Elements of Art/Shape

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Cover • Intro • Line • Shape • 2D & 3D


Shapes are created with lines in a given space, either real or imaginary. Shapes can be endlessly rotated. There can be organic shapes or geometric shapes.

Different shapes[edit]


A circle is a shape with only one side created from a single, continuously curved line which encompasses the whole of the shape.


A triangle is a shape comprised of three straight lines which meet at three endpoints - the bottom side is horizontal, and the other two sides are diagonal, meeting each other at a point.


A square is a shape which is made of four straight lines which intersect at four points at 90 degree angles: the top and bottom lines are parallel to one another, as are the two lines comprising the sides of the square. In a square, each of the sides is the exact length of the other sides (a rectangle is a different shape where the opposing sides are equal in length; thus, all squares are rectangles but not all rectangles are squares.)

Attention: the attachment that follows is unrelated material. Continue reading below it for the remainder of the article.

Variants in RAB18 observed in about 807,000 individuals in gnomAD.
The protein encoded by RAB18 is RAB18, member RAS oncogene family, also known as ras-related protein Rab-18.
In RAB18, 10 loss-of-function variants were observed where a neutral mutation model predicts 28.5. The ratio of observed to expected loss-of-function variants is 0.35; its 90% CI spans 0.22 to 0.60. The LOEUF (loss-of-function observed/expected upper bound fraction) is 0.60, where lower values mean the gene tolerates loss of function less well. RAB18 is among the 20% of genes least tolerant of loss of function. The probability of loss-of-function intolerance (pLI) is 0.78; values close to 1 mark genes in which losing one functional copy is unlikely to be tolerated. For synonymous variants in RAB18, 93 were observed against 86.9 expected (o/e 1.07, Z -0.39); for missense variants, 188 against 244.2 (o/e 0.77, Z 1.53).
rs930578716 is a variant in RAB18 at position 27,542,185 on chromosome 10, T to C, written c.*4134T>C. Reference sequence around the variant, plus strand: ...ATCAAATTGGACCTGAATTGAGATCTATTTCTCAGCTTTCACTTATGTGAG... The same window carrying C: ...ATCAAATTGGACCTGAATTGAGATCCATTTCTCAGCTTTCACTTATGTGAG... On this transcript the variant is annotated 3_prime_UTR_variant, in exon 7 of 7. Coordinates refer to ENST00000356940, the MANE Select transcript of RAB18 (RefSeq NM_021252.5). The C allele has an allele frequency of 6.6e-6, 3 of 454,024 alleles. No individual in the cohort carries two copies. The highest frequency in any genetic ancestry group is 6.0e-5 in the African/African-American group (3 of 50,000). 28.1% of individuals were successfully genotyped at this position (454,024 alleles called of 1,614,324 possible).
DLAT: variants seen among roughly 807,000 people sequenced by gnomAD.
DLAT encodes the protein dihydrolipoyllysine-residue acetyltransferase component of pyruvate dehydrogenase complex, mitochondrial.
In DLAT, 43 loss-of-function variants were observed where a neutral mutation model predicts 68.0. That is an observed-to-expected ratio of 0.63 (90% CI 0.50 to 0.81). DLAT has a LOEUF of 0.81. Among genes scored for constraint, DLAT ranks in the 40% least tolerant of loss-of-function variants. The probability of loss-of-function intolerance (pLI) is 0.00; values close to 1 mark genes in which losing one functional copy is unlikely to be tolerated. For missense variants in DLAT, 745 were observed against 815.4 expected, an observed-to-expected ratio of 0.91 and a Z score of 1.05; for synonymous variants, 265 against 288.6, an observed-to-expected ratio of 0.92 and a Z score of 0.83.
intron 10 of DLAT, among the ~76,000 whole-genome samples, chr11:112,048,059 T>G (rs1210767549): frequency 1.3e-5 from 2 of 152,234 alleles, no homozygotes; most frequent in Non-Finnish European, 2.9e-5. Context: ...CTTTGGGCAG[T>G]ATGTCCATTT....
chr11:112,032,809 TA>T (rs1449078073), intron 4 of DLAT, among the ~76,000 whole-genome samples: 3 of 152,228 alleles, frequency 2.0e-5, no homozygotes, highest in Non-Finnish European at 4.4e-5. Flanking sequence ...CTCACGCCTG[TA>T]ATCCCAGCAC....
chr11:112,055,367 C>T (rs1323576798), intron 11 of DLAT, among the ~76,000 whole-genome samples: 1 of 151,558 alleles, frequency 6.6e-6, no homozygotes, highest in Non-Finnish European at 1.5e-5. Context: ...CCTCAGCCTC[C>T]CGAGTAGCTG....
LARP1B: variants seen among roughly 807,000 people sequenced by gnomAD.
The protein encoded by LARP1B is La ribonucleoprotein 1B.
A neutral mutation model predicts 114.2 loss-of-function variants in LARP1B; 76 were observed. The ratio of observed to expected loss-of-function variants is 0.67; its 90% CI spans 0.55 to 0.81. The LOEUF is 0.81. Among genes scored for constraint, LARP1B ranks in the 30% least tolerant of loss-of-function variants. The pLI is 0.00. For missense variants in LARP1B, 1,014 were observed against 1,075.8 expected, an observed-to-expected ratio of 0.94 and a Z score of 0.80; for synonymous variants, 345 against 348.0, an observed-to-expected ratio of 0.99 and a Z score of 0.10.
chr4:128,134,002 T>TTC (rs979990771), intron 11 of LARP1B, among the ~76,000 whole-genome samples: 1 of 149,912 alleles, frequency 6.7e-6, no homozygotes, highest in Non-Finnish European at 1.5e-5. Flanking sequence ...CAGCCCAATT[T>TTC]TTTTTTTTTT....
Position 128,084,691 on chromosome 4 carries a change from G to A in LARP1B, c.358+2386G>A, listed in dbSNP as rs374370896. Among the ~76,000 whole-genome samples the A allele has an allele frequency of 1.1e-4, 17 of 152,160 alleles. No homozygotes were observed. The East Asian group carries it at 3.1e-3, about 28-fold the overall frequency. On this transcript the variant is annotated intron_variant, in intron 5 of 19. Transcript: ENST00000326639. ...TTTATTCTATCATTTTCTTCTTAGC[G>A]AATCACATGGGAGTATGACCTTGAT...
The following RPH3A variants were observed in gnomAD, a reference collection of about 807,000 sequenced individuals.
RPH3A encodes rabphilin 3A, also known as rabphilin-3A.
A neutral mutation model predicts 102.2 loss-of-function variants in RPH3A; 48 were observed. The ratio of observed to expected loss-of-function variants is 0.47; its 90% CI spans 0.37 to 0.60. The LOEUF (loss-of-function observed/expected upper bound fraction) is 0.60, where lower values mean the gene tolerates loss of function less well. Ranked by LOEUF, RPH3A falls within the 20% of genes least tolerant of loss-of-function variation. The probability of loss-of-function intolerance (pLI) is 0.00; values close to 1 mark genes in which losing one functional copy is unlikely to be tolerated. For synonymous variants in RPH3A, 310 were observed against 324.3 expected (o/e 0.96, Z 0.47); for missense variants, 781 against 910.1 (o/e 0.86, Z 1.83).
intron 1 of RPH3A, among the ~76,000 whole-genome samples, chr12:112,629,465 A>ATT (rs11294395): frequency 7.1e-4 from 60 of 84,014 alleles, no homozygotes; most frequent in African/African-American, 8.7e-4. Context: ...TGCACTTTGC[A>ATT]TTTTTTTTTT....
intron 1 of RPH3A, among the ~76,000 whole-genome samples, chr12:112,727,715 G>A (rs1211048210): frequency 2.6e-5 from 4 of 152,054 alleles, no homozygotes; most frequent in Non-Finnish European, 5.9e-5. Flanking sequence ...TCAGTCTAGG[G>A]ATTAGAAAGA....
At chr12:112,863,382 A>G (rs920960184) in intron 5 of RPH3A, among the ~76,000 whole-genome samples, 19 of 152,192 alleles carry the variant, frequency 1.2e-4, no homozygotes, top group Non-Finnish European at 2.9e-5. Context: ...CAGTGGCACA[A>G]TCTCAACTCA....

A shape with 5 sides. The bottom side is horizontal, there are two vertical sides that are parallel and the two top sides are diagonal.

A common use of the pentagon is to draw a house.


A shape with six sides. 4 sides are diagonal and 2 are horizontal.


Three-dimensional shapes[edit]



A cube has 8 endpoints, 12 edges and 6 faces. At every endpoint 3 lines intersect, and at an intersection any two edges are perpendicular to each other. Finally every edge has the same length.

Putting shapes together[edit]

Most shapes in art are combinations of the shapes described above. They may be expressed (that is, they have a clear outline) or implied (the viewer has to seem them for his/herself).

Also, different shapes can be put together for interesting results.

Rotating shapes[edit]

Effects of shapes[edit]





Chapter summary[edit]